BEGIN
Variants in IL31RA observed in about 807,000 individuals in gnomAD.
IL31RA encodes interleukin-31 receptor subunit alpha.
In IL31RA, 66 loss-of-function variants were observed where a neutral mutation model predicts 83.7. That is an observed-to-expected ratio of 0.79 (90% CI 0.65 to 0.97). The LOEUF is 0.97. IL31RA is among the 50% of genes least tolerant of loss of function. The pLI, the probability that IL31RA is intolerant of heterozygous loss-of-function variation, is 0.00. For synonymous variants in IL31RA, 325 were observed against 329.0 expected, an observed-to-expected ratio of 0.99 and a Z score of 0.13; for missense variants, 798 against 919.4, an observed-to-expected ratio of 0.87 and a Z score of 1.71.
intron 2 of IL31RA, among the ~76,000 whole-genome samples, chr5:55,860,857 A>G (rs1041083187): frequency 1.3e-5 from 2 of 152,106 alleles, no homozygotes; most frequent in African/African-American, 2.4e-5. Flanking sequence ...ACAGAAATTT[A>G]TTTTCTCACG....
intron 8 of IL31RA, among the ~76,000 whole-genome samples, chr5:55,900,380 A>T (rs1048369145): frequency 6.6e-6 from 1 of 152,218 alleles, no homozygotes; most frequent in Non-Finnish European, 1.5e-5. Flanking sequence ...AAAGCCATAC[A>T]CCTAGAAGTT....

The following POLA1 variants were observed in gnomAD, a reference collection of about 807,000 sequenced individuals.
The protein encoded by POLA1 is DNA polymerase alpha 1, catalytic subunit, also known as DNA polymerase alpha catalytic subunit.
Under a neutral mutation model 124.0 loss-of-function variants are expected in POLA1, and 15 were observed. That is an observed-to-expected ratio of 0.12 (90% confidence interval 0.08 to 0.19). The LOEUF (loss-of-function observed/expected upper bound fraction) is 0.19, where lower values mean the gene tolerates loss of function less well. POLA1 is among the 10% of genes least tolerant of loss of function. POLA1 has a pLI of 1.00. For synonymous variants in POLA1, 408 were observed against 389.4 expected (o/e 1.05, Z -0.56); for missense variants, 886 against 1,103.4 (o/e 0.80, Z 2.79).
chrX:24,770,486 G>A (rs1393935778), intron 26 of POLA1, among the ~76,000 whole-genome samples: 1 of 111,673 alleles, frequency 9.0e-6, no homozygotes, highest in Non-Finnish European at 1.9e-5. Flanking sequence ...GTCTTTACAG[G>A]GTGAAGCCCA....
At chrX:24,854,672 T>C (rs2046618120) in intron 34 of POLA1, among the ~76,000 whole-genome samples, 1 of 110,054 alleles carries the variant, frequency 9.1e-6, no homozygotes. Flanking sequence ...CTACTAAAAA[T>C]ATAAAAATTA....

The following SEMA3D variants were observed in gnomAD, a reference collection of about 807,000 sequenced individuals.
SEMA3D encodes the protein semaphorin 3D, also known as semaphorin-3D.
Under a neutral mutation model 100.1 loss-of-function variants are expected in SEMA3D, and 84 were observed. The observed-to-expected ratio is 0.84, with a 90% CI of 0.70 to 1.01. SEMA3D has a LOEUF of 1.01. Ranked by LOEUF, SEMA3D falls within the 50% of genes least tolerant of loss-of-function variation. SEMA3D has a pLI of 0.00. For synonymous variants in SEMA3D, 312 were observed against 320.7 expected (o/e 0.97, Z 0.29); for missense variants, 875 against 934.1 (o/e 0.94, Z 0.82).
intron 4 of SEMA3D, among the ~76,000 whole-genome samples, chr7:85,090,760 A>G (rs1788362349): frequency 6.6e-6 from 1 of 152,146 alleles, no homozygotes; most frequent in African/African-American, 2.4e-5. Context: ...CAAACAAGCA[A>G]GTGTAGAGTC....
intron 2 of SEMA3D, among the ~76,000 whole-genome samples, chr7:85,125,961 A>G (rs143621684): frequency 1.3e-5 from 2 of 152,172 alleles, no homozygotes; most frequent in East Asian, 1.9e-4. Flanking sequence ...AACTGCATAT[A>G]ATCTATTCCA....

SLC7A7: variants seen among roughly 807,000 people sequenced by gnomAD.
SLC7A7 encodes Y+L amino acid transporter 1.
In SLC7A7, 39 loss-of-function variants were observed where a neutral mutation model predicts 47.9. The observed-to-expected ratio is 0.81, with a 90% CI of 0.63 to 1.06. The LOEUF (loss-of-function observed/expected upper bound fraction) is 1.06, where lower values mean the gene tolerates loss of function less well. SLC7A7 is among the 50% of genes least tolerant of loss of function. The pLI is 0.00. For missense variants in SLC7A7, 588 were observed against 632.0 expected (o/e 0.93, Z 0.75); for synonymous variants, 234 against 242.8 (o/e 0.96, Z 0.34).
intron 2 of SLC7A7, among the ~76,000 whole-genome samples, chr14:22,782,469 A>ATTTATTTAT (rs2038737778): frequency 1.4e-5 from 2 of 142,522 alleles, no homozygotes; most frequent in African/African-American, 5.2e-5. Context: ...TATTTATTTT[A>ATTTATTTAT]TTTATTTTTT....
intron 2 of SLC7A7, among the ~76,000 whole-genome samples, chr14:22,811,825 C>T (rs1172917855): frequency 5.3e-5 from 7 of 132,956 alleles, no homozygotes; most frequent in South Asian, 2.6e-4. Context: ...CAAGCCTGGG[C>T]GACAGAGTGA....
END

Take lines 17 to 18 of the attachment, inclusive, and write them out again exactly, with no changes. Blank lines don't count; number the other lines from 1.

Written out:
SLC7A7 encodes Y+L amino acid transporter 1.
In SLC7A7, 39 loss-of-function variants were observed where a neutral mutation model predicts 47.9. The observed-to-expected ratio is 0.81, with a 90% CI of 0.63 to 1.06. The LOEUF (loss-of-function observed/expected upper bound fraction) is 1.06, where lower values mean the gene tolerates loss of function less well. SLC7A7 is among the 50% of genes least tolerant of loss of function. The pLI is 0.00. For missense variants in SLC7A7, 588 were observed against 632.0 expected (o/e 0.93, Z 0.75); for synonymous variants, 234 against 242.8 (o/e 0.96, Z 0.34).